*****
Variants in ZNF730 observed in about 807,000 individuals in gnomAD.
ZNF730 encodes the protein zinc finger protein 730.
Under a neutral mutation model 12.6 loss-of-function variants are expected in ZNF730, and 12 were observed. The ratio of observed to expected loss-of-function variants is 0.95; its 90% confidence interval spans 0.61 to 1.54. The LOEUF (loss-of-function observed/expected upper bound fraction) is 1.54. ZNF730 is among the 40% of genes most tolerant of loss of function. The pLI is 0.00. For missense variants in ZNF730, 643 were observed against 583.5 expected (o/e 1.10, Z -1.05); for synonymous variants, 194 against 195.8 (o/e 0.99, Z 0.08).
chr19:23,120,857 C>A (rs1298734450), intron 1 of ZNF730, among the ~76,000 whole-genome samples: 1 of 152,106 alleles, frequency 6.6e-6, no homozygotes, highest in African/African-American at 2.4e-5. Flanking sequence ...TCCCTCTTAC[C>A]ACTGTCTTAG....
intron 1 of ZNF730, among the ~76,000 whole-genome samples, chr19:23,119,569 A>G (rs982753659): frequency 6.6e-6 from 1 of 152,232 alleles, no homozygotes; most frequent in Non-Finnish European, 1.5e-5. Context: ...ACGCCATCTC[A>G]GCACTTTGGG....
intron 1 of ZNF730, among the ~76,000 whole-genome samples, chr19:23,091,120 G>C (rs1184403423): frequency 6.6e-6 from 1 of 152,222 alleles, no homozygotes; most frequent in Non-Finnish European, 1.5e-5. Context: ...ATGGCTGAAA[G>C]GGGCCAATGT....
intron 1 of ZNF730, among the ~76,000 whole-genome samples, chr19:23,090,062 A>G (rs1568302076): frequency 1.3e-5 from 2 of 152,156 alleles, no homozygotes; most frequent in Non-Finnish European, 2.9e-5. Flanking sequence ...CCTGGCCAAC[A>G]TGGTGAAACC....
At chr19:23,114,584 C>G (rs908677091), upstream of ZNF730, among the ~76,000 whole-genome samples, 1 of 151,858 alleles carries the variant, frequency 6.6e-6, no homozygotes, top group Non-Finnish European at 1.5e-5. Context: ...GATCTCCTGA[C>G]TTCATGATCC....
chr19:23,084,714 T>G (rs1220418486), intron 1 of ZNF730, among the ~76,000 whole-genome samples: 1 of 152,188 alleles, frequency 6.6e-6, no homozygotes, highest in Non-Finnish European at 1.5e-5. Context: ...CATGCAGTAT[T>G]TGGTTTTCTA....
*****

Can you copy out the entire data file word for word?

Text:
Variants in ZNF730 observed in about 807,000 individuals in gnomAD.
ZNF730 encodes the protein zinc finger protein 730.
Under a neutral mutation model 12.6 loss-of-function variants are expected in ZNF730, and 12 were observed. The ratio of observed to expected loss-of-function variants is 0.95; its 90% confidence interval spans 0.61 to 1.54. The LOEUF (loss-of-function observed/expected upper bound fraction) is 1.54. ZNF730 is among the 40% of genes most tolerant of loss of function. The pLI is 0.00. For missense variants in ZNF730, 643 were observed against 583.5 expected (o/e 1.10, Z -1.05); for synonymous variants, 194 against 195.8 (o/e 0.99, Z 0.08).
chr19:23,120,857 C>A (rs1298734450), intron 1 of ZNF730, among the ~76,000 whole-genome samples: 1 of 152,106 alleles, frequency 6.6e-6, no homozygotes, highest in African/African-American at 2.4e-5. Flanking sequence ...TCCCTCTTAC[C>A]ACTGTCTTAG....
intron 1 of ZNF730, among the ~76,000 whole-genome samples, chr19:23,119,569 A>G (rs982753659): frequency 6.6e-6 from 1 of 152,232 alleles, no homozygotes; most frequent in Non-Finnish European, 1.5e-5. Context: ...ACGCCATCTC[A>G]GCACTTTGGG....
intron 1 of ZNF730, among the ~76,000 whole-genome samples, chr19:23,091,120 G>C (rs1184403423): frequency 6.6e-6 from 1 of 152,222 alleles, no homozygotes; most frequent in Non-Finnish European, 1.5e-5. Context: ...ATGGCTGAAA[G>C]GGGCCAATGT....
intron 1 of ZNF730, among the ~76,000 whole-genome samples, chr19:23,090,062 A>G (rs1568302076): frequency 1.3e-5 from 2 of 152,156 alleles, no homozygotes; most frequent in Non-Finnish European, 2.9e-5. Flanking sequence ...CCTGGCCAAC[A>G]TGGTGAAACC....
At chr19:23,114,584 C>G (rs908677091), upstream of ZNF730, among the ~76,000 whole-genome samples, 1 of 151,858 alleles carries the variant, frequency 6.6e-6, no homozygotes, top group Non-Finnish European at 1.5e-5. Context: ...GATCTCCTGA[C>G]TTCATGATCC....
chr19:23,084,714 T>G (rs1220418486), intron 1 of ZNF730, among the ~76,000 whole-genome samples: 1 of 152,188 alleles, frequency 6.6e-6, no homozygotes, highest in Non-Finnish European at 1.5e-5. Context: ...CATGCAGTAT[T>G]TGGTTTTCTA....